You Are the Hero (Critic's Pick)

Nostalgia can sometimes mean yearning for a past that never actually existed. Part of that rolling-over of fond remembrances is for video games, especially those 8-bit, pixilated side-scrollers.

Nostalgia can sometimes mean yearning for a past that never actually existed. Part of that rolling-over of fond remembrances is for video games, especially those 8-bit, pixilated side-scrollers. Back in that simpler, halcyon Nintendo age of the late ’80s and early ’90s, games were not just simple in graphics, but also in message and gameplay. There were puzzles and A-to-B-to-C quests that revolved around tropes like knights, princesses, prophecies and chosen ones.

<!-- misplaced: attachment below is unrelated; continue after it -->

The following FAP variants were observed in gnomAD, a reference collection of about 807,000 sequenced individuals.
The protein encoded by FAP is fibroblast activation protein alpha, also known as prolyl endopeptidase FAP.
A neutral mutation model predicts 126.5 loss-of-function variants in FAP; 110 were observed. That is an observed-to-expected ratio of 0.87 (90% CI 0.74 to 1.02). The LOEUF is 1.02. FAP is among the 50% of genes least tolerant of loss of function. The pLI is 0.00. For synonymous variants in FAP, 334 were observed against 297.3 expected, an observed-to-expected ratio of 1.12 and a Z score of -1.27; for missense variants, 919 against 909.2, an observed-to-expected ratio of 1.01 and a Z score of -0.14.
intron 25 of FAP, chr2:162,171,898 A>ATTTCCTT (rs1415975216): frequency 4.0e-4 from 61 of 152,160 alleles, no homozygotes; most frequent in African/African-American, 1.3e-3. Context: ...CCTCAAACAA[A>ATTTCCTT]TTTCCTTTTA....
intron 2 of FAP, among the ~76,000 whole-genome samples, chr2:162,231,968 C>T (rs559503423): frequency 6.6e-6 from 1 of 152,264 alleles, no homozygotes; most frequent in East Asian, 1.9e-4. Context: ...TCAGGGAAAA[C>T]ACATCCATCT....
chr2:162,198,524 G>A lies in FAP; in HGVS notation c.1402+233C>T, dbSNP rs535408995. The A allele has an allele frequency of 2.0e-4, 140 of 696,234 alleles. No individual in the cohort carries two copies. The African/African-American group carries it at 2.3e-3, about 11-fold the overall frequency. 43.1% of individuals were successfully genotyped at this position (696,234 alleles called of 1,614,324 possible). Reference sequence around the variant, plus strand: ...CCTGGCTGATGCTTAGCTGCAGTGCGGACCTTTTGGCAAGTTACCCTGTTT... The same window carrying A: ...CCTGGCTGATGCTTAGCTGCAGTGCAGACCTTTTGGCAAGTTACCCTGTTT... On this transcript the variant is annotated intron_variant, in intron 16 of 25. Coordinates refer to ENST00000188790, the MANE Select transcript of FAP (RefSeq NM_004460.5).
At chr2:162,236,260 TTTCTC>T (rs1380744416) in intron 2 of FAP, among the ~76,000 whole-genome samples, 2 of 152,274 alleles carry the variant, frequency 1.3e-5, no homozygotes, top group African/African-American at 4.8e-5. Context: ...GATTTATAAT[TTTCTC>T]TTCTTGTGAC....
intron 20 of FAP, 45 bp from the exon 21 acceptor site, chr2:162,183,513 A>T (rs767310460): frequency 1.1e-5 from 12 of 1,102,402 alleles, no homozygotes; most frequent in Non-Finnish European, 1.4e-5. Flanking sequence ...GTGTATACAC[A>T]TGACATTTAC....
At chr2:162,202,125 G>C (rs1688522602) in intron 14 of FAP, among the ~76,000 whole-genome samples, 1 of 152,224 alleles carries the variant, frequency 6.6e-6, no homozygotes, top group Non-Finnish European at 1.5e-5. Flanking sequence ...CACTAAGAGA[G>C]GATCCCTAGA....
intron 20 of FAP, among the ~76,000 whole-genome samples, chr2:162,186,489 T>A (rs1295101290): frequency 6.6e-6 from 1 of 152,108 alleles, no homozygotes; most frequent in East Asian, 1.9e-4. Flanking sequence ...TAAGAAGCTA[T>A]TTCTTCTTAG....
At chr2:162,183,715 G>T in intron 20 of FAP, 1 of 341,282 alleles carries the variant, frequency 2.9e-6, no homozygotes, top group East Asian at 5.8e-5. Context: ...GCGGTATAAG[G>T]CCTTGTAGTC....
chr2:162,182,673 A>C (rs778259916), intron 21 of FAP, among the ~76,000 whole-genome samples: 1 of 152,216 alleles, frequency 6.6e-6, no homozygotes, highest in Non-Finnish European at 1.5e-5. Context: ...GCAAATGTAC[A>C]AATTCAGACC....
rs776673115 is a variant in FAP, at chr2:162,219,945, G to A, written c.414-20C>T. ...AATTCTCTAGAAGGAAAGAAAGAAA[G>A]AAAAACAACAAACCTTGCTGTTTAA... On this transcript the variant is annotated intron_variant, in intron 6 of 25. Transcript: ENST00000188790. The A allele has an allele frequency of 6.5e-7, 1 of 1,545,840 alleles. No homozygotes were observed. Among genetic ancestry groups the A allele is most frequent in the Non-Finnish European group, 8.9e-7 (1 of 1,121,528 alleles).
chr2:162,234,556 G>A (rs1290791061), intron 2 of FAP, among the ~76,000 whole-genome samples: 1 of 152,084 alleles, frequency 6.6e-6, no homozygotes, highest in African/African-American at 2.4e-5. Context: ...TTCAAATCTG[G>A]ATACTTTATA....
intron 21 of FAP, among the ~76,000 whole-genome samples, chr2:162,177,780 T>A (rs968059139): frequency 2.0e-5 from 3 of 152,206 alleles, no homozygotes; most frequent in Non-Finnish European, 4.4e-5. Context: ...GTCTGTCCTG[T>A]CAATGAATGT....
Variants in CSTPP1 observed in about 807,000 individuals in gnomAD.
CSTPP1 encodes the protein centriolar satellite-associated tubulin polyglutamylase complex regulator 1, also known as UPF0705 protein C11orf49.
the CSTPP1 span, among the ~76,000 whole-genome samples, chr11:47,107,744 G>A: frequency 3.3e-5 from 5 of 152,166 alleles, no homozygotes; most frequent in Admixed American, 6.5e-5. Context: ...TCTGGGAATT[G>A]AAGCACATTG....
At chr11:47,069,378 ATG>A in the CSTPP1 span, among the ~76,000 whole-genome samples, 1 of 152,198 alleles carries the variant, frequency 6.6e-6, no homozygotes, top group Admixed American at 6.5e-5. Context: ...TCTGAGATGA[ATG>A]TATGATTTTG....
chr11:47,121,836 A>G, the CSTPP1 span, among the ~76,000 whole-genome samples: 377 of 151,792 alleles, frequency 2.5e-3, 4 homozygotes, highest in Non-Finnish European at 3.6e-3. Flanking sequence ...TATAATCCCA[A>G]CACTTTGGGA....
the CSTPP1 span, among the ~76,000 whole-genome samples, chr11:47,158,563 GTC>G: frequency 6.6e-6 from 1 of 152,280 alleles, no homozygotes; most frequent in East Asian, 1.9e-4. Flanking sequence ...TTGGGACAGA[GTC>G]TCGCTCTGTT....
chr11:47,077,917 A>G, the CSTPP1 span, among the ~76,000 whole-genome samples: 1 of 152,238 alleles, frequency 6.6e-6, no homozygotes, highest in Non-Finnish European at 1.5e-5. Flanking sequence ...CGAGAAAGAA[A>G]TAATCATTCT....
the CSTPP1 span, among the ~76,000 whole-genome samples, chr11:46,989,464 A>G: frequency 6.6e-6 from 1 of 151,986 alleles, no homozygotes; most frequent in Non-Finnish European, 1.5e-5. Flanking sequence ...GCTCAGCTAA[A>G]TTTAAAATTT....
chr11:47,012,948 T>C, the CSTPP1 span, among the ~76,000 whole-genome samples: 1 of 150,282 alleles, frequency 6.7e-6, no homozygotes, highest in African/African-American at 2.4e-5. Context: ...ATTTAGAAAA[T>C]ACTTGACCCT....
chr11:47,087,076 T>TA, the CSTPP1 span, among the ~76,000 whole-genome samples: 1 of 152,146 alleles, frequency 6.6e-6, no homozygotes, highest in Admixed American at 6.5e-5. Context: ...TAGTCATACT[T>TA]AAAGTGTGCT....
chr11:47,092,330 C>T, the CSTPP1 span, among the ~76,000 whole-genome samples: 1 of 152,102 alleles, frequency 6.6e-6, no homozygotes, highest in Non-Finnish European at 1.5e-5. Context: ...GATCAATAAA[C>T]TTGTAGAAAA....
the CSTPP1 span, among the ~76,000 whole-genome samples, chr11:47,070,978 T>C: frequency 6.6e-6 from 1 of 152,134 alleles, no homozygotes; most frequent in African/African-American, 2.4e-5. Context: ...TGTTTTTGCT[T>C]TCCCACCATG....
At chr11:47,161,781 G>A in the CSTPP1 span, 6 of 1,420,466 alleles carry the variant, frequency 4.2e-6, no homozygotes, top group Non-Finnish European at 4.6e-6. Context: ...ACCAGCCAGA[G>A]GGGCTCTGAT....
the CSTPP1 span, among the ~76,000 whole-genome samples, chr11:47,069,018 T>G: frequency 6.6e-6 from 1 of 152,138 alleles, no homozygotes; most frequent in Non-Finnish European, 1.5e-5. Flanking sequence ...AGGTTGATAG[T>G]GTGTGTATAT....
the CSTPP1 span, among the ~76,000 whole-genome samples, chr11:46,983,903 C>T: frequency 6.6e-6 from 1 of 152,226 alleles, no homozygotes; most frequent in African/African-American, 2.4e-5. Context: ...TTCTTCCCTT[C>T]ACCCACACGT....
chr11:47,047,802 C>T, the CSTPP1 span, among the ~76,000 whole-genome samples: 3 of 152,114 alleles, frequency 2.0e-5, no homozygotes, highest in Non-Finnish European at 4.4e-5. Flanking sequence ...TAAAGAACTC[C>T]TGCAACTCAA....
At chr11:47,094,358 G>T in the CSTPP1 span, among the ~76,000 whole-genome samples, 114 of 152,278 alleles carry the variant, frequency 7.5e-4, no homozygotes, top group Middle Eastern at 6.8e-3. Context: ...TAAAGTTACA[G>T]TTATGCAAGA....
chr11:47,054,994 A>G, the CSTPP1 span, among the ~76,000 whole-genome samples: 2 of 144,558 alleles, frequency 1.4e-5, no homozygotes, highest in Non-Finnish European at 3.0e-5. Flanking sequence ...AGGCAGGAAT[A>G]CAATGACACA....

That’s the basis of Daniel Park’s You Are the Hero, a one-man show inviting the audience to play along and assume control, but that power means the possibility of a “game over.”The room at the Coffee Emporium is quaint, with a few dozen chairs lined up in two rows facing each other. The set design is minimal: a door to the apocalypse on the wall and a jagged crack in the ground formed with painter’s tape. Park is a video game character, decked out in iconoclastic red shirt, short shorts, boots and a shock of black curly hair. He tells you that only you can save the world. But it’s a world where Happiness has been replaced by Growth and Progress. Park is not just your ally; he’s also opposing enemies with shady ulterior motives and feasts on derision. Because the audience determines the action, the show lasts anywhere from 10 minutes to two hours. There are challenges, either inviting individuals up to perform a task or the crowd as a whole, and there are just minutes to spare. The tension is high, and there’s no guarantee to finish the game. Park says it’s a 60/40 split, and in fact I only made it two-thirds of the way through. This is all backed up by Clark Jewett’s original music, reminiscent of those propelling synth anthems from Super Mario Bros. and The Legend of Zelda.Park is from Philadelphia and just played a fringe festival there, as well as a national tour. For that reason, the show feels very lived-in and fine-tuned, with no low points or awkward silences. His natural charisma and in-the-moment improvisation keep audience members on their toes. But everything is fun and unique, not too heavy. Even when you lose, there’s a lesson to take back to the rest of the world.So be prepared: It’s very physical and interactive and breaks down personal space. As one audience member said afterward, the whole group became friends immediately as if they’d actually been on a journey together. You could participate in the show a second time and have a completely different outcome: That’s an exciting prospect.

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